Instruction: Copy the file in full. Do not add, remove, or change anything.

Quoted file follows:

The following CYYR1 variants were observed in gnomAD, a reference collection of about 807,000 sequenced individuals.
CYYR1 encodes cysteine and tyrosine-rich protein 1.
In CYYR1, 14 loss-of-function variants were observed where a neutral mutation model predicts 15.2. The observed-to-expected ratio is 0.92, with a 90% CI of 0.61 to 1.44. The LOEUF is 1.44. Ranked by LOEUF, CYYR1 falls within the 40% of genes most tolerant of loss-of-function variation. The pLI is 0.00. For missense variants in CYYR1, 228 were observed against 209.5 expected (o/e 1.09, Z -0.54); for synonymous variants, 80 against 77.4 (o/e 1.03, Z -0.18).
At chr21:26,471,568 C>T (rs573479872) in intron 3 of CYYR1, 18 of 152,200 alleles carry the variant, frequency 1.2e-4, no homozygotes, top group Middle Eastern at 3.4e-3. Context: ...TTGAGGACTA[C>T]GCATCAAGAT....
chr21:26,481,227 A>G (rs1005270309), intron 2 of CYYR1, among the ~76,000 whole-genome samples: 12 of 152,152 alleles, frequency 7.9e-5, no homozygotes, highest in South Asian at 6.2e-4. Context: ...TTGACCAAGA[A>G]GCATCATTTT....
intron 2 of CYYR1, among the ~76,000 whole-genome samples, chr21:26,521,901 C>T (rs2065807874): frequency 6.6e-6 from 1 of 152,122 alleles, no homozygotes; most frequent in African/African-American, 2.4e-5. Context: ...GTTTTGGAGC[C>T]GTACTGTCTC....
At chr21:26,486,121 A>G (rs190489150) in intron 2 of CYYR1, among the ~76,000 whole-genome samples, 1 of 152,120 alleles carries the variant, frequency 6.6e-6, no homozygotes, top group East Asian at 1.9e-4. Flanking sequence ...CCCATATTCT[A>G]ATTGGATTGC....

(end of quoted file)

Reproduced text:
The following CYYR1 variants were observed in gnomAD, a reference collection of about 807,000 sequenced individuals.
CYYR1 encodes cysteine and tyrosine-rich protein 1.
In CYYR1, 14 loss-of-function variants were observed where a neutral mutation model predicts 15.2. The observed-to-expected ratio is 0.92, with a 90% CI of 0.61 to 1.44. The LOEUF is 1.44. Ranked by LOEUF, CYYR1 falls within the 40% of genes most tolerant of loss-of-function variation. The pLI is 0.00. For missense variants in CYYR1, 228 were observed against 209.5 expected (o/e 1.09, Z -0.54); for synonymous variants, 80 against 77.4 (o/e 1.03, Z -0.18).
At chr21:26,471,568 C>T (rs573479872) in intron 3 of CYYR1, 18 of 152,200 alleles carry the variant, frequency 1.2e-4, no homozygotes, top group Middle Eastern at 3.4e-3. Context: ...TTGAGGACTA[C>T]GCATCAAGAT....
chr21:26,481,227 A>G (rs1005270309), intron 2 of CYYR1, among the ~76,000 whole-genome samples: 12 of 152,152 alleles, frequency 7.9e-5, no homozygotes, highest in South Asian at 6.2e-4. Context: ...TTGACCAAGA[A>G]GCATCATTTT....
intron 2 of CYYR1, among the ~76,000 whole-genome samples, chr21:26,521,901 C>T (rs2065807874): frequency 6.6e-6 from 1 of 152,122 alleles, no homozygotes; most frequent in African/African-American, 2.4e-5. Context: ...GTTTTGGAGC[C>T]GTACTGTCTC....
At chr21:26,486,121 A>G (rs190489150) in intron 2 of CYYR1, among the ~76,000 whole-genome samples, 1 of 152,120 alleles carries the variant, frequency 6.6e-6, no homozygotes, top group East Asian at 1.9e-4. Flanking sequence ...CCCATATTCT[A>G]ATTGGATTGC....